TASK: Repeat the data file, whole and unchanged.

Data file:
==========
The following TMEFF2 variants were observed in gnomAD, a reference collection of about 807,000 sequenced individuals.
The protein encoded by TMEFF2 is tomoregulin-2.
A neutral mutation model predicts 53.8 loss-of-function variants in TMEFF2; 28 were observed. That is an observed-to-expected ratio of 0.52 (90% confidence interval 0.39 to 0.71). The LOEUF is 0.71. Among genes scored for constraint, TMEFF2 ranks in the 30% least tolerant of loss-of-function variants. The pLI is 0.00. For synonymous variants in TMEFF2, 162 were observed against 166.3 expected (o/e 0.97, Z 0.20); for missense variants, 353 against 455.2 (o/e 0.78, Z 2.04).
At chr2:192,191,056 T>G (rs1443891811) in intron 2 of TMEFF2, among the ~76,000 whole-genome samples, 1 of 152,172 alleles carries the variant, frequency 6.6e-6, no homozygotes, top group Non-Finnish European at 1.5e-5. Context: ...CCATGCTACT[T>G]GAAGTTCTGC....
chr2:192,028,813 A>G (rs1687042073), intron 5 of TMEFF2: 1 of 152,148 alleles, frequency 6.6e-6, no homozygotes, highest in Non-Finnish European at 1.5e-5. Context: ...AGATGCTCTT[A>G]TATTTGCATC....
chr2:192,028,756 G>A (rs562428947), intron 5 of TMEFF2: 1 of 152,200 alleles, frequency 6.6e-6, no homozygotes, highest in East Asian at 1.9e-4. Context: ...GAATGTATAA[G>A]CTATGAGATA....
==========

The following TMEFF2 variants were observed in gnomAD, a reference collection of about 807,000 sequenced individuals.
The protein encoded by TMEFF2 is tomoregulin-2.
A neutral mutation model predicts 53.8 loss-of-function variants in TMEFF2; 28 were observed. That is an observed-to-expected ratio of 0.52 (90% confidence interval 0.39 to 0.71). The LOEUF is 0.71. Among genes scored for constraint, TMEFF2 ranks in the 30% least tolerant of loss-of-function variants. The pLI is 0.00. For synonymous variants in TMEFF2, 162 were observed against 166.3 expected (o/e 0.97, Z 0.20); for missense variants, 353 against 455.2 (o/e 0.78, Z 2.04).
At chr2:192,191,056 T>G (rs1443891811) in intron 2 of TMEFF2, among the ~76,000 whole-genome samples, 1 of 152,172 alleles carries the variant, frequency 6.6e-6, no homozygotes, top group Non-Finnish European at 1.5e-5. Context: ...CCATGCTACT[T>G]GAAGTTCTGC....
chr2:192,028,813 A>G (rs1687042073), intron 5 of TMEFF2: 1 of 152,148 alleles, frequency 6.6e-6, no homozygotes, highest in Non-Finnish European at 1.5e-5. Context: ...AGATGCTCTT[A>G]TATTTGCATC....
chr2:192,028,756 G>A (rs562428947), intron 5 of TMEFF2: 1 of 152,200 alleles, frequency 6.6e-6, no homozygotes, highest in East Asian at 1.9e-4. Context: ...GAATGTATAA[G>A]CTATGAGATA....